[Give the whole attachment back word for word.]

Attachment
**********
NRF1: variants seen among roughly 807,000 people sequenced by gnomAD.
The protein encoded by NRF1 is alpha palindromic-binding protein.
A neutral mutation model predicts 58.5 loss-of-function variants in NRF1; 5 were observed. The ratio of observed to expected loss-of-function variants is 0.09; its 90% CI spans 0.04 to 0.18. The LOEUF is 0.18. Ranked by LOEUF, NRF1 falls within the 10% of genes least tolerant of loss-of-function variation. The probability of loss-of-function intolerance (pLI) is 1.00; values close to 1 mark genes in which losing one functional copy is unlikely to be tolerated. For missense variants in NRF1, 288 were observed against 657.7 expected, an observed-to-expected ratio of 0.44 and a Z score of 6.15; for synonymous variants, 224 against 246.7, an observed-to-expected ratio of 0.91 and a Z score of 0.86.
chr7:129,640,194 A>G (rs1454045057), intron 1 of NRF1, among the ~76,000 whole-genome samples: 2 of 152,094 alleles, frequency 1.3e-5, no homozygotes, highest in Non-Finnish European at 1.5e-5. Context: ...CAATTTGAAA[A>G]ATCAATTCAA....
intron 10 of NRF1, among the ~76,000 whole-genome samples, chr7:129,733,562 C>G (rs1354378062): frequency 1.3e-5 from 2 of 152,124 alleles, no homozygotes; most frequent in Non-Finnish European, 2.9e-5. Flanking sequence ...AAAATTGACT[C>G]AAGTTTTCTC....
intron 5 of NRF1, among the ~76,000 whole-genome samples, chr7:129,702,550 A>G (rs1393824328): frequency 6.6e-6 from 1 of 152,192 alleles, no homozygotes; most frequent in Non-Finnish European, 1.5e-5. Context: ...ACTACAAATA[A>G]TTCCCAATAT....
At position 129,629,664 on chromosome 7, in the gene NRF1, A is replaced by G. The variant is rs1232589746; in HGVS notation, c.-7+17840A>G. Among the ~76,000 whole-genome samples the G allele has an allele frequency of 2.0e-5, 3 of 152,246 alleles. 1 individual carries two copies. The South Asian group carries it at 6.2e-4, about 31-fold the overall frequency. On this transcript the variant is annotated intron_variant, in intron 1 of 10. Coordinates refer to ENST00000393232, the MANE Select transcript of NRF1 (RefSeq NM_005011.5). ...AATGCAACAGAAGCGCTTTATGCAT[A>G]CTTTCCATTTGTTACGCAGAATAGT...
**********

NRF1: variants seen among roughly 807,000 people sequenced by gnomAD.
The protein encoded by NRF1 is alpha palindromic-binding protein.
A neutral mutation model predicts 58.5 loss-of-function variants in NRF1; 5 were observed. The ratio of observed to expected loss-of-function variants is 0.09; its 90% CI spans 0.04 to 0.18. The LOEUF is 0.18. Ranked by LOEUF, NRF1 falls within the 10% of genes least tolerant of loss-of-function variation. The probability of loss-of-function intolerance (pLI) is 1.00; values close to 1 mark genes in which losing one functional copy is unlikely to be tolerated. For missense variants in NRF1, 288 were observed against 657.7 expected, an observed-to-expected ratio of 0.44 and a Z score of 6.15; for synonymous variants, 224 against 246.7, an observed-to-expected ratio of 0.91 and a Z score of 0.86.
chr7:129,640,194 A>G (rs1454045057), intron 1 of NRF1, among the ~76,000 whole-genome samples: 2 of 152,094 alleles, frequency 1.3e-5, no homozygotes, highest in Non-Finnish European at 1.5e-5. Context: ...CAATTTGAAA[A>G]ATCAATTCAA....
intron 10 of NRF1, among the ~76,000 whole-genome samples, chr7:129,733,562 C>G (rs1354378062): frequency 1.3e-5 from 2 of 152,124 alleles, no homozygotes; most frequent in Non-Finnish European, 2.9e-5. Flanking sequence ...AAAATTGACT[C>G]AAGTTTTCTC....
intron 5 of NRF1, among the ~76,000 whole-genome samples, chr7:129,702,550 A>G (rs1393824328): frequency 6.6e-6 from 1 of 152,192 alleles, no homozygotes; most frequent in Non-Finnish European, 1.5e-5. Context: ...ACTACAAATA[A>G]TTCCCAATAT....
At position 129,629,664 on chromosome 7, in the gene NRF1, A is replaced by G. The variant is rs1232589746; in HGVS notation, c.-7+17840A>G. Among the ~76,000 whole-genome samples the G allele has an allele frequency of 2.0e-5, 3 of 152,246 alleles. 1 individual carries two copies. The South Asian group carries it at 6.2e-4, about 31-fold the overall frequency. On this transcript the variant is annotated intron_variant, in intron 1 of 10. Coordinates refer to ENST00000393232, the MANE Select transcript of NRF1 (RefSeq NM_005011.5). ...AATGCAACAGAAGCGCTTTATGCAT[A>G]CTTTCCATTTGTTACGCAGAATAGT...